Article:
Purpose: ROAD FLASH proposes a roadmap towards X-ray-based rotational intensity-modulated radiotherapy. To meet the FLASH dose rate requirement with X-rays, a high powered linac and an X-ray converter optimized for FLASH are needed. In this study, we optimize the target design specifications for an 18 MV source to reach the dose rates necessary for FLASH radiotherapy using GEANT4 Monte Carlo simulations.
Methods: The design of an 18 MV linear accelerator was optimized to maximize electron current. A phase space file was created for subsequent Monte Carlo simulation via GEANT4. The X-ray converter was a transmissive tungsten target. The electron leakage through the X-ray converter was reduced by a copper filter. The simulation modeled the linac beam path and was run with varying tungsten target and copper filter thicknesses. The X-ray and electron dose was calculated in a voxelized water phantom at 1 m source-to-surface distance. The maximized dose rate target and phase space configuration were further characterized by depth dose curves and lateral off-axis dose distributions corresponding to electron or photon contributions.
Results: The optimal thickness of an unfiltered tungsten target for maximizing dose rate was 0.6 mm, which resulted in a combined X-ray and electron dose rate of 7.94 Gy/s at 10 cm depth from 100 cm SSD. The electron contamination is reduced by a thousand fold with a 5 mm copper filter, resulting in a clean X-ray dose rate of 5.87 Gy/s at 10 cm depth.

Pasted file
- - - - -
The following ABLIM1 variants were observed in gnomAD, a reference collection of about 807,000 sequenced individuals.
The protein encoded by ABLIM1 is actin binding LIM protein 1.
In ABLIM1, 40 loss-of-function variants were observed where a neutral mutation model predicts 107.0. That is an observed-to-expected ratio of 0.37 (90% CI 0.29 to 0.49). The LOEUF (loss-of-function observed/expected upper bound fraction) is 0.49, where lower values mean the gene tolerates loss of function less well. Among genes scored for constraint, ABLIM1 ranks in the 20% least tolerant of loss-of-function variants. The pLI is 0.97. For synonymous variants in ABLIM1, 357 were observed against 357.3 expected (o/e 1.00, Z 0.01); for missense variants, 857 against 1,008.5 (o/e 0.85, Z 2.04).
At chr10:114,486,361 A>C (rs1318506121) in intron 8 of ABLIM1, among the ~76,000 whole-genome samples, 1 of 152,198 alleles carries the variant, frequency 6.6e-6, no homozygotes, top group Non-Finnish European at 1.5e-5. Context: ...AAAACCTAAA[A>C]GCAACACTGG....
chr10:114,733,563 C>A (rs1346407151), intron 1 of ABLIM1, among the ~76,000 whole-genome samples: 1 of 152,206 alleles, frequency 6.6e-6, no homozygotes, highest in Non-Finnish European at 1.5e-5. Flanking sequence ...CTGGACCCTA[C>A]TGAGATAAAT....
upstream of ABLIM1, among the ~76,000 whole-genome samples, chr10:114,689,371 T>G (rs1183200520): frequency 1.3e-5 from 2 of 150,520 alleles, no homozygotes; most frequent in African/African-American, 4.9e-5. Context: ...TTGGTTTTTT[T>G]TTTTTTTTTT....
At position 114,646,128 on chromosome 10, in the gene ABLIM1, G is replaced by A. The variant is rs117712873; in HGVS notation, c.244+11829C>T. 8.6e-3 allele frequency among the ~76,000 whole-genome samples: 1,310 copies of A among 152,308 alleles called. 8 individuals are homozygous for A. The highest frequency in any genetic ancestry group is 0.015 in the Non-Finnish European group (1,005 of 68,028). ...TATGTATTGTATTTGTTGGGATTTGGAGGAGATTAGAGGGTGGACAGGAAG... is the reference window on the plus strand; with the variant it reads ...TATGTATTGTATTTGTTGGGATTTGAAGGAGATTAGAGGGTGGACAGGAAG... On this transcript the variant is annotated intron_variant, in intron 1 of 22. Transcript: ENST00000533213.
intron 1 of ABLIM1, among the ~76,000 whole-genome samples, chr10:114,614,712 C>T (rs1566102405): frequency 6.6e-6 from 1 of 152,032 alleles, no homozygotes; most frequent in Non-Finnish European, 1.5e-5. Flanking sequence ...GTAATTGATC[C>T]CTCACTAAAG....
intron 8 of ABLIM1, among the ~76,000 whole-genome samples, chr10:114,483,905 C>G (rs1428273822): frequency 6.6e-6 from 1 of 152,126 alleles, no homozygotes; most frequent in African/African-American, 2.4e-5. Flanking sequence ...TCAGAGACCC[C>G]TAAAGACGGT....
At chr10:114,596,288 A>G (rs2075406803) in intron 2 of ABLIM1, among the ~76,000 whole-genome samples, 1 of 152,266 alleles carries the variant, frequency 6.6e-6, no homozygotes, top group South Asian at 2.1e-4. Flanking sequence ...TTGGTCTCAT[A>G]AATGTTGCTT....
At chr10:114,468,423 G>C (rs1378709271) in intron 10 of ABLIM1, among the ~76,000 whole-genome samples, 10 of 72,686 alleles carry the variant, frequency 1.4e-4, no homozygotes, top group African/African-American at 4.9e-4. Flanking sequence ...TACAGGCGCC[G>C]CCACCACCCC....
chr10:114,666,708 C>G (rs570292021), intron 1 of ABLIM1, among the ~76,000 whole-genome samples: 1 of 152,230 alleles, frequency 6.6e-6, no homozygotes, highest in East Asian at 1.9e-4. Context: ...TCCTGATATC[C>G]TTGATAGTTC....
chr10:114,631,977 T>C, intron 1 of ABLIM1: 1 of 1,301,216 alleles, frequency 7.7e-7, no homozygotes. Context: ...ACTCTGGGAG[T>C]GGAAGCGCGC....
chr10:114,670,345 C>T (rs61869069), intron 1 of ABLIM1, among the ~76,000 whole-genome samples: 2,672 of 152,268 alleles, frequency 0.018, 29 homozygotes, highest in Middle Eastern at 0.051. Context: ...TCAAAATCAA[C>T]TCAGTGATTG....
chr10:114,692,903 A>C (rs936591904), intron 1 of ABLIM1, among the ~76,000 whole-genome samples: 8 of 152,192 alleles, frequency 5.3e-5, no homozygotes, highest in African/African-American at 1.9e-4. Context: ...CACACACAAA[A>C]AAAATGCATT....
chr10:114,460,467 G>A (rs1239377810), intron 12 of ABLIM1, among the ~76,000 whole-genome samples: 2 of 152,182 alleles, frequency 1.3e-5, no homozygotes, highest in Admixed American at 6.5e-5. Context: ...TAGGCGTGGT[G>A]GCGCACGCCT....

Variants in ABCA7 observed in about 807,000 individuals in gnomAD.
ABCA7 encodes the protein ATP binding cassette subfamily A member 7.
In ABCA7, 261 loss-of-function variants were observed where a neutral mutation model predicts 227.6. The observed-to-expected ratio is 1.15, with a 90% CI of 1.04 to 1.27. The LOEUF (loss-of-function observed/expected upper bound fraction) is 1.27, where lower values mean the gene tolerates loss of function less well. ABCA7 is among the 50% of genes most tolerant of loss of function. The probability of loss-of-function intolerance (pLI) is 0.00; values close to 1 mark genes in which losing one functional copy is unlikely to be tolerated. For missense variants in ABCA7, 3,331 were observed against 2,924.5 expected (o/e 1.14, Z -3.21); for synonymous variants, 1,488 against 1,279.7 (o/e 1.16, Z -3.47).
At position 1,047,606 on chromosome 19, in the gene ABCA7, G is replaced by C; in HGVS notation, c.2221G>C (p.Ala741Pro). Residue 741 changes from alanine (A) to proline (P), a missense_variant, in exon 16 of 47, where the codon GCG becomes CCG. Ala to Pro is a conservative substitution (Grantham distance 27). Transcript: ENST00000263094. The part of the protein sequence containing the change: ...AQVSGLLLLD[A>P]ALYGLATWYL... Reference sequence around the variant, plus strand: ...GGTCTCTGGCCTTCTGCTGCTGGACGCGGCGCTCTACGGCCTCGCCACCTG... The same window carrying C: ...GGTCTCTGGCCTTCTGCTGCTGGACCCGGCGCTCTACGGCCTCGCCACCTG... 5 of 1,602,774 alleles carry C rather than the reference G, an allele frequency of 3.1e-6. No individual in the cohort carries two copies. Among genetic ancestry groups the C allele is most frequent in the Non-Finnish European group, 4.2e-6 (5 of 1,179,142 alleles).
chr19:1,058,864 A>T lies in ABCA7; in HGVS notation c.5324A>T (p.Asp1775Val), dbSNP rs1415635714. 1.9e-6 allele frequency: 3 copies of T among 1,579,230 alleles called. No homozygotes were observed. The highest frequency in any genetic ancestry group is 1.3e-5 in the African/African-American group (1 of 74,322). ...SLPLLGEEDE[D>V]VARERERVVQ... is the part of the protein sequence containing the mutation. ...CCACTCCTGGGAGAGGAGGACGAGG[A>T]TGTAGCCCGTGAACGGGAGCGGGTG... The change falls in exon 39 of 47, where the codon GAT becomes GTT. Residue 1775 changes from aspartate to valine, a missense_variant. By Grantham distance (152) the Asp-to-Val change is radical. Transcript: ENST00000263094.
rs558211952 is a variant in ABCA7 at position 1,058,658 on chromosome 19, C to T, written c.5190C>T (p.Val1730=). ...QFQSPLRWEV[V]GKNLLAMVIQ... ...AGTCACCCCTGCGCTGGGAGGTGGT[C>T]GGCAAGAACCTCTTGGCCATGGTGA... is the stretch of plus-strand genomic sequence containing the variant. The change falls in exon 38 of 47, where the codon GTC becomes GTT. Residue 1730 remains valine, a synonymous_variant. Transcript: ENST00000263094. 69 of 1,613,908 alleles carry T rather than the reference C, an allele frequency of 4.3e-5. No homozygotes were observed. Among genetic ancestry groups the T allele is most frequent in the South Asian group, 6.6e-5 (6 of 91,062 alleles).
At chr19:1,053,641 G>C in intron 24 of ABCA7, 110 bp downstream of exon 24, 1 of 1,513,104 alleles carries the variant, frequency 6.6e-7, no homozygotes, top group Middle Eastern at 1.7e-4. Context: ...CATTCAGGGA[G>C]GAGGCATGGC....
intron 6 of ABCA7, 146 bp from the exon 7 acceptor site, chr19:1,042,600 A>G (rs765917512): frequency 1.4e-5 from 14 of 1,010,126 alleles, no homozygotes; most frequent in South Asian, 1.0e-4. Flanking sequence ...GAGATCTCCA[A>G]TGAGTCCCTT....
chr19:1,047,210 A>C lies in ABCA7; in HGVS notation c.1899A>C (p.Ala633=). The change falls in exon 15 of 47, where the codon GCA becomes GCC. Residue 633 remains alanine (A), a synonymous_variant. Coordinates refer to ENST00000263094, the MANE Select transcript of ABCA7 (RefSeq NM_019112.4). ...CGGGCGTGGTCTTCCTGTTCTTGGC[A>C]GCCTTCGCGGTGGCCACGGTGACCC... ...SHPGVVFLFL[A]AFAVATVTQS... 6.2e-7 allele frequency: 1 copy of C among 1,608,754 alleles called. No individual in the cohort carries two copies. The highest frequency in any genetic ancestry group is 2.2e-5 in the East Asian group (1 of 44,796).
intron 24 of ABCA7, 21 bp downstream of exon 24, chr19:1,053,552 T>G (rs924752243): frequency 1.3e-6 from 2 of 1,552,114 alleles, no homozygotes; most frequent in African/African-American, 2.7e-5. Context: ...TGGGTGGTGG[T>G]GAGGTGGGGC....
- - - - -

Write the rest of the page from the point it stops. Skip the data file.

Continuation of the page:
Conclusion: This study determined the optimal target design specifications for producing the high dose rates. The dose rate can be further increased to meet the FLASH requirement with linac optimization and reduced SSD without affecting the optimized target configuration. Additionally, the individual contributions of the electrons and photons were characterized for possible mixed beam FLASH treatment planning.
Funding Support, Disclosures, and Conflict of Interest: This project is funded by NIH, award number NIH R01CA255432.